The audit summary, written in October 2004 but withheld from public release, covers one out of 10 sections from a $2.5 billion contract under which Halliburton was tapped to deliver fuel, fight oil well fires and repair oil facilities in Iraq after the U.S.-led invasion in the spring of 2003. Of the $2.5 billion, approximately $1.6 billion came from Iraqi oil proceeds and the rest was funded by U.S. taxpayers.
Halliburton, where Vice President Cheney served as chief executive from 1995 to 2000, has come under persistent criticism for its handling of several Iraqi reconstruction contracts. For example, auditors turned up $1.8 billion in "unsupported costs" in a $10.5 billion Army logistics contract that KBR won on a competitive bid. Despite those findings and a recommendation to withhold some of the payments, the Army decided last month to continue paying Halliburton in full, plus performance bonuses.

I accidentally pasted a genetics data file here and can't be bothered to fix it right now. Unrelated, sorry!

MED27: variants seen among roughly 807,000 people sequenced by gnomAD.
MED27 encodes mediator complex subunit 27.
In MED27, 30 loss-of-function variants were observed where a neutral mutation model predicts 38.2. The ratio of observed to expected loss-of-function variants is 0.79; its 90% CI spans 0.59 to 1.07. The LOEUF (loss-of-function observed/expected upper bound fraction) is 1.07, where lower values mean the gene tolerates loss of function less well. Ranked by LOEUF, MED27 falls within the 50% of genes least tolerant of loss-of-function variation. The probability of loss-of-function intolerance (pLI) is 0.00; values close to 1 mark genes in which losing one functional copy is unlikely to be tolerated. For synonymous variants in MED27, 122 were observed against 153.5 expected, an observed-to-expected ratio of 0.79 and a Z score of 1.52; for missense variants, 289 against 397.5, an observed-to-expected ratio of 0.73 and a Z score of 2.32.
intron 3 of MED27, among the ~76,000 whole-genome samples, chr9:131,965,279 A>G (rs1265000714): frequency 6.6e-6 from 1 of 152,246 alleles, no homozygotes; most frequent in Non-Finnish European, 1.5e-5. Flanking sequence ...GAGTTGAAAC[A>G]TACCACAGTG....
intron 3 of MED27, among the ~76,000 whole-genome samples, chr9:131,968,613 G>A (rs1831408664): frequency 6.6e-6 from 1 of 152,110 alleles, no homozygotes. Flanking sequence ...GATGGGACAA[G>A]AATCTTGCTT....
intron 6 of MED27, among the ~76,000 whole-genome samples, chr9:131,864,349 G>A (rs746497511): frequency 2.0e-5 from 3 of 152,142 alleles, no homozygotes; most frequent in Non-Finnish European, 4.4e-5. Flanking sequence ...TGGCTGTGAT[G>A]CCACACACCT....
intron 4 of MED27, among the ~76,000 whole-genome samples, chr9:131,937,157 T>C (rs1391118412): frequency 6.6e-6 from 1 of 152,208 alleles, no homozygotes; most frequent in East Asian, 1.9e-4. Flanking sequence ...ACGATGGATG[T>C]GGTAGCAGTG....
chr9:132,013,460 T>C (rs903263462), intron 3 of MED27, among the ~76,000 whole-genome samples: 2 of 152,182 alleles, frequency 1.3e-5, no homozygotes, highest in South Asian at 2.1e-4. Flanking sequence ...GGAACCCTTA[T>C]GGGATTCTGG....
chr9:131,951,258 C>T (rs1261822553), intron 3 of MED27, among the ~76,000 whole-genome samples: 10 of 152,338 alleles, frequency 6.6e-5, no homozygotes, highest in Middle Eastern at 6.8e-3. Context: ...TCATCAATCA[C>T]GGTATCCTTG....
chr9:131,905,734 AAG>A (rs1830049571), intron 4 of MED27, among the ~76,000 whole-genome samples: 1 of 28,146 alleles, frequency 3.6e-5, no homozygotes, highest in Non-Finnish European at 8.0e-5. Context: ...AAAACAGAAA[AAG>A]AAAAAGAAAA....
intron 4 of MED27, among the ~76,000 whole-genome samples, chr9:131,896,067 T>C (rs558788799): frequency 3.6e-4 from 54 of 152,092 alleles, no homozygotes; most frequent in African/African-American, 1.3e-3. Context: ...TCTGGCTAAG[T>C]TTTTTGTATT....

On Capitol Hill yesterday, Richard Jones, a former U.S. ambassador to Kuwait, acknowledged sending an e-mail in which he pushed for KBR to sign a deal quickly with Altanmia to meet a rising demand for fuel in Iraq. Jones also testified the embassy had received reports from Altanmia officials that Halliburton executives were demanding kickbacks. Jones said those reports were passed along to Pentagon investigators.
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